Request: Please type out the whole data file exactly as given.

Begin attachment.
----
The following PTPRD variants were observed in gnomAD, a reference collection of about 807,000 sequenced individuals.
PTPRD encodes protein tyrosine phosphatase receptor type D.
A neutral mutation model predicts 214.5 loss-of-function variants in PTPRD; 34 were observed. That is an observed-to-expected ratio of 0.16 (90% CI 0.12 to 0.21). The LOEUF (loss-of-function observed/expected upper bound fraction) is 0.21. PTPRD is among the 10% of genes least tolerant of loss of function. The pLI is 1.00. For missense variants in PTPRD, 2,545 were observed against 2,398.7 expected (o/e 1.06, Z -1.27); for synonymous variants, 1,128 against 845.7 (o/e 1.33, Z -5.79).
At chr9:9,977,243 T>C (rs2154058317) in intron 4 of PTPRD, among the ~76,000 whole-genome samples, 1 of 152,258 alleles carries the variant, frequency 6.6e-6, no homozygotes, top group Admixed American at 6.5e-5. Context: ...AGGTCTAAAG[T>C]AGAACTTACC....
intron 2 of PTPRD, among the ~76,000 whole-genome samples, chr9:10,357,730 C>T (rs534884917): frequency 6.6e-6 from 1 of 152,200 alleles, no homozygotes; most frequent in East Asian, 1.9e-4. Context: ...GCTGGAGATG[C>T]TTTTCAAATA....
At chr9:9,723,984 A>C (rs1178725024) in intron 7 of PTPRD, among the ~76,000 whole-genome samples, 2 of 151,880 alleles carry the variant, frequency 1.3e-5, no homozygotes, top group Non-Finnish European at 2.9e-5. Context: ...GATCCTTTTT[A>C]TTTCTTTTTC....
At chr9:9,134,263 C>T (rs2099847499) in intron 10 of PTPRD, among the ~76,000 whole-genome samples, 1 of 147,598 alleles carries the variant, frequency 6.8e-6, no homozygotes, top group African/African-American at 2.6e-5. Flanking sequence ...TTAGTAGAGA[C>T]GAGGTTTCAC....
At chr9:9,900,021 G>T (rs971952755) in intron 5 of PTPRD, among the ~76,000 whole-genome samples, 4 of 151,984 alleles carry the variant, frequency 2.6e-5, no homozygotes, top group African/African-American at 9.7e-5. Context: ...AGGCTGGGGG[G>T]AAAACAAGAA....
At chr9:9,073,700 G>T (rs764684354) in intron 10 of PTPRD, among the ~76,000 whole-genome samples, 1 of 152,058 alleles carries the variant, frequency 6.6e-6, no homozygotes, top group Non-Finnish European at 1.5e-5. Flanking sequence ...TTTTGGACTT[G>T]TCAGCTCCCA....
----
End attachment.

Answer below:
The following PTPRD variants were observed in gnomAD, a reference collection of about 807,000 sequenced individuals.
PTPRD encodes protein tyrosine phosphatase receptor type D.
A neutral mutation model predicts 214.5 loss-of-function variants in PTPRD; 34 were observed. That is an observed-to-expected ratio of 0.16 (90% CI 0.12 to 0.21). The LOEUF (loss-of-function observed/expected upper bound fraction) is 0.21. PTPRD is among the 10% of genes least tolerant of loss of function. The pLI is 1.00. For missense variants in PTPRD, 2,545 were observed against 2,398.7 expected (o/e 1.06, Z -1.27); for synonymous variants, 1,128 against 845.7 (o/e 1.33, Z -5.79).
At chr9:9,977,243 T>C (rs2154058317) in intron 4 of PTPRD, among the ~76,000 whole-genome samples, 1 of 152,258 alleles carries the variant, frequency 6.6e-6, no homozygotes, top group Admixed American at 6.5e-5. Context: ...AGGTCTAAAG[T>C]AGAACTTACC....
intron 2 of PTPRD, among the ~76,000 whole-genome samples, chr9:10,357,730 C>T (rs534884917): frequency 6.6e-6 from 1 of 152,200 alleles, no homozygotes; most frequent in East Asian, 1.9e-4. Context: ...GCTGGAGATG[C>T]TTTTCAAATA....
At chr9:9,723,984 A>C (rs1178725024) in intron 7 of PTPRD, among the ~76,000 whole-genome samples, 2 of 151,880 alleles carry the variant, frequency 1.3e-5, no homozygotes, top group Non-Finnish European at 2.9e-5. Context: ...GATCCTTTTT[A>C]TTTCTTTTTC....
At chr9:9,134,263 C>T (rs2099847499) in intron 10 of PTPRD, among the ~76,000 whole-genome samples, 1 of 147,598 alleles carries the variant, frequency 6.8e-6, no homozygotes, top group African/African-American at 2.6e-5. Flanking sequence ...TTAGTAGAGA[C>T]GAGGTTTCAC....
At chr9:9,900,021 G>T (rs971952755) in intron 5 of PTPRD, among the ~76,000 whole-genome samples, 4 of 151,984 alleles carry the variant, frequency 2.6e-5, no homozygotes, top group African/African-American at 9.7e-5. Context: ...AGGCTGGGGG[G>T]AAAACAAGAA....
At chr9:9,073,700 G>T (rs764684354) in intron 10 of PTPRD, among the ~76,000 whole-genome samples, 1 of 152,058 alleles carries the variant, frequency 6.6e-6, no homozygotes, top group Non-Finnish European at 1.5e-5. Flanking sequence ...TTTTGGACTT[G>T]TCAGCTCCCA....